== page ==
Ubuntu Handmade Bread
One of the successful applicants to our 2015 grant fund is Ubuntu Handmade Bread.
Who are Ubuntu Handmade Bread?
Ubuntu Handmade Bread is a community bread baking service, and seeks to change communities reliance on shop bought bread and to teach people to bake their own bread which is often healthier and cheaper to make. Ubuntu is a Nguni Bantu term roughly translating to “human kindness” or “humanity toward others,” but is often used in a more philosophical sense to mean “the belief in a universal bond of sharing that connects all humanity”.
The inspiration behind Ubuntu Handmade Bread is South African Albert Smith, who left his home city of Johannesberg for the UK in 1996. Bread is a staple food in South Africa and Albert always used to make bread with his grandfather, so bread has always been central to his life.
Ubuntu Handmade Bread has been baked in Moseley, Handsworth, Digbeth, Smethwick and Bearwood; as well as from a mobile oven all over Birmingham. Ubuntu Handmade Bread currently supplies the Bearwood Pantry food co-operative.
The Wisdom Factory CIC first met Albert at a food festival at Hotel La Tour in 2013 and we were impressed by his passion and enthusiasm for his craft. Albert heard about The Wisdom Factory funding via his involvement with Friction Arts.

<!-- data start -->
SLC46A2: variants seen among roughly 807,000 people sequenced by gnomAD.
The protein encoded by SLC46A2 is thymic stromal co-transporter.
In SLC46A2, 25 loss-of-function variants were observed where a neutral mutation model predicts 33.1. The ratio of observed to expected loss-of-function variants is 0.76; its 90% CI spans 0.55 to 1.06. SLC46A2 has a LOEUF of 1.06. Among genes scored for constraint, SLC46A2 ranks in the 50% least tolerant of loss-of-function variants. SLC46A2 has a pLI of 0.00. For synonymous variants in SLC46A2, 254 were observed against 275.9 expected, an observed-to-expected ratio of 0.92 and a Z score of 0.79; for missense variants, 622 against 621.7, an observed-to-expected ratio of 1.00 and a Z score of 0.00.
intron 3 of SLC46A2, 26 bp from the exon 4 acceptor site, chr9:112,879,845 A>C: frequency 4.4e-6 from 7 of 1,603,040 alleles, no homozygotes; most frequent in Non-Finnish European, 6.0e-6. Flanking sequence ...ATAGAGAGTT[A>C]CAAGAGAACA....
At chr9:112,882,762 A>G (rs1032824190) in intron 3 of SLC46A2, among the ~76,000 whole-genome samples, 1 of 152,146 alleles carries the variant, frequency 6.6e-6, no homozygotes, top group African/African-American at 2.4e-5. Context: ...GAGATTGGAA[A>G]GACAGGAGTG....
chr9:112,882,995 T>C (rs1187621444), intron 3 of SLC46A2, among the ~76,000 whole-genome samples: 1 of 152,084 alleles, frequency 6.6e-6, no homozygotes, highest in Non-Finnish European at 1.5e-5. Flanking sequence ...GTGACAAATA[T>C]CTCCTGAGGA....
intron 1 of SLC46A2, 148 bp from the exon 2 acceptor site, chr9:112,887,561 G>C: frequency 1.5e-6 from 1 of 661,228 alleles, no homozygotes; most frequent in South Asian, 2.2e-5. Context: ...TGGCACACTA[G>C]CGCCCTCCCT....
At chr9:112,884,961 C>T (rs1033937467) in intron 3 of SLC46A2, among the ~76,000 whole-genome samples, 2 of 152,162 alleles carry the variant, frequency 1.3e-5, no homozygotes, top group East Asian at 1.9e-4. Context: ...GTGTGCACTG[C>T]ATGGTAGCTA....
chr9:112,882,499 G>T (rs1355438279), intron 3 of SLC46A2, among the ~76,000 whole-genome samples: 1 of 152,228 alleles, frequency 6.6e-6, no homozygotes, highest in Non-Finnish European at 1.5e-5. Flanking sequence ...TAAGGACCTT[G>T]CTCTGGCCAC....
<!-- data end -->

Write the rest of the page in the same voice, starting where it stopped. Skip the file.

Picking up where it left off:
What will Ubuntu Handmade Bread use the grant for?
Ubuntu Handmade Bread is a social enterprise and profits from the sale of bread will be used to support local people to achieve their ambitions. The long term aim is to help some members in the community break the isolation they experience.
The funding will be used to help set up a bread house based on the work of Bulgarian Social Anthropologist Dr. Nadezhda Savova who is the catalyst for an international network of Bread Houses set up via the International Council for Cultural Centers (I3C). Currently there are no bread houses in the UK.
Bread making classes will be run to support many hard to reach groups in society. People recovering from substance abuse or mental illness; ex-offenders; asylum seekers; people with disabilities; and to encourage inter-religious and inter-generational dialogue. The project will run bread making classes at participants’ venues or in the Friction Arts kitchen.
There is a performance element to the bread making process which can include music, singing, and counselling. Albert started bread making himself to help recover from depression in 2010. As part of his treatment he took up stand up comedy; and at the same time, the bread making developed.
The project will provide Ubuntu Handmade Bread with evidence of the impact of the methodology and provide a reference for future projects.
Ultimately Ubuntu Handmade Bread aspires to set up a bakery with a shop front, with the oven in the shop so people can be involved in the theatrics of bread making.